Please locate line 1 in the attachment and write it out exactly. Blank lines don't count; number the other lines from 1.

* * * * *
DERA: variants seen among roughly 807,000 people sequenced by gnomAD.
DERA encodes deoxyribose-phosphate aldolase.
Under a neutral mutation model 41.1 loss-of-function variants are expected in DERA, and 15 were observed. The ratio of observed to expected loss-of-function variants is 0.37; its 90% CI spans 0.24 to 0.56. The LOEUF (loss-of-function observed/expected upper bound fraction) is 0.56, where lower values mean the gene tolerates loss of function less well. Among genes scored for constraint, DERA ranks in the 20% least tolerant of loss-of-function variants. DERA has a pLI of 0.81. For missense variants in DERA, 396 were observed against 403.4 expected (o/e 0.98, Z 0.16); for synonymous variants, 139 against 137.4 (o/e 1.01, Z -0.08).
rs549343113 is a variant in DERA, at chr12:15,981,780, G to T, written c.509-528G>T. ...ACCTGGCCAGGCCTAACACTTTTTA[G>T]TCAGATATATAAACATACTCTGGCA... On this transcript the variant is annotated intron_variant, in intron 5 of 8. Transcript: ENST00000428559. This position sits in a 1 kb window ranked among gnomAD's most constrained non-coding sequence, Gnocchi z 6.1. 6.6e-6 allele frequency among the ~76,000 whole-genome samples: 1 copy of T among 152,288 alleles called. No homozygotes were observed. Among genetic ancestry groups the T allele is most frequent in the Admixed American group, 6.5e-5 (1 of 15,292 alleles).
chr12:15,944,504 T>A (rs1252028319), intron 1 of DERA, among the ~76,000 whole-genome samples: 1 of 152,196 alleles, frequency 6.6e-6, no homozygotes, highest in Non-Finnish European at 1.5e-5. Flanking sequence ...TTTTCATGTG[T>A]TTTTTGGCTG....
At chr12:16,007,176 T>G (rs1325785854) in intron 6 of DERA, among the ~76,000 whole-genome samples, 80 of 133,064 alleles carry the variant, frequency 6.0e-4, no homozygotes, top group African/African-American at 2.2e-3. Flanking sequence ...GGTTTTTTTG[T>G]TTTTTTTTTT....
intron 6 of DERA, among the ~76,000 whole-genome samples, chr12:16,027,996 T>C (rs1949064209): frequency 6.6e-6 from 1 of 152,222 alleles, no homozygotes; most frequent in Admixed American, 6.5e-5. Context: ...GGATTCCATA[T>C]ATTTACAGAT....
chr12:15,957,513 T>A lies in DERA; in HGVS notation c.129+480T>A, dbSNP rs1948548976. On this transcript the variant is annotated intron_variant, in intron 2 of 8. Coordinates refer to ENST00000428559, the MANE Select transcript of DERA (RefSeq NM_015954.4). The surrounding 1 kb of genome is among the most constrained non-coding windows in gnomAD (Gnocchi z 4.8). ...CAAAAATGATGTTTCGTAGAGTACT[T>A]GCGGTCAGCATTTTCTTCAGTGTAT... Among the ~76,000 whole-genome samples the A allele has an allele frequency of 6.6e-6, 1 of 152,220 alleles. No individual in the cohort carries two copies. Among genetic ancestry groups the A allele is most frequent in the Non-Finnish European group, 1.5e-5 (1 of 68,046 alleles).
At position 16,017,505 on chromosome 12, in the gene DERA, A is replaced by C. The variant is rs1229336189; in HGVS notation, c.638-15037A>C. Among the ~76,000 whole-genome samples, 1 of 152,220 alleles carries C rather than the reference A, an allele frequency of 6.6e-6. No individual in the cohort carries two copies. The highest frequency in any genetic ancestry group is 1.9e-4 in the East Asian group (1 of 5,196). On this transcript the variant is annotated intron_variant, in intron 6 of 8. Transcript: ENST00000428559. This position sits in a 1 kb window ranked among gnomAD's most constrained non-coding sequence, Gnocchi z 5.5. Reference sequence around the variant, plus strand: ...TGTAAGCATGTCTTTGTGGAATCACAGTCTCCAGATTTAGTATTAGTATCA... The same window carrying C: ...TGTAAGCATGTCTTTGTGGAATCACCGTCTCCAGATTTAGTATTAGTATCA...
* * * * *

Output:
DERA: variants seen among roughly 807,000 people sequenced by gnomAD.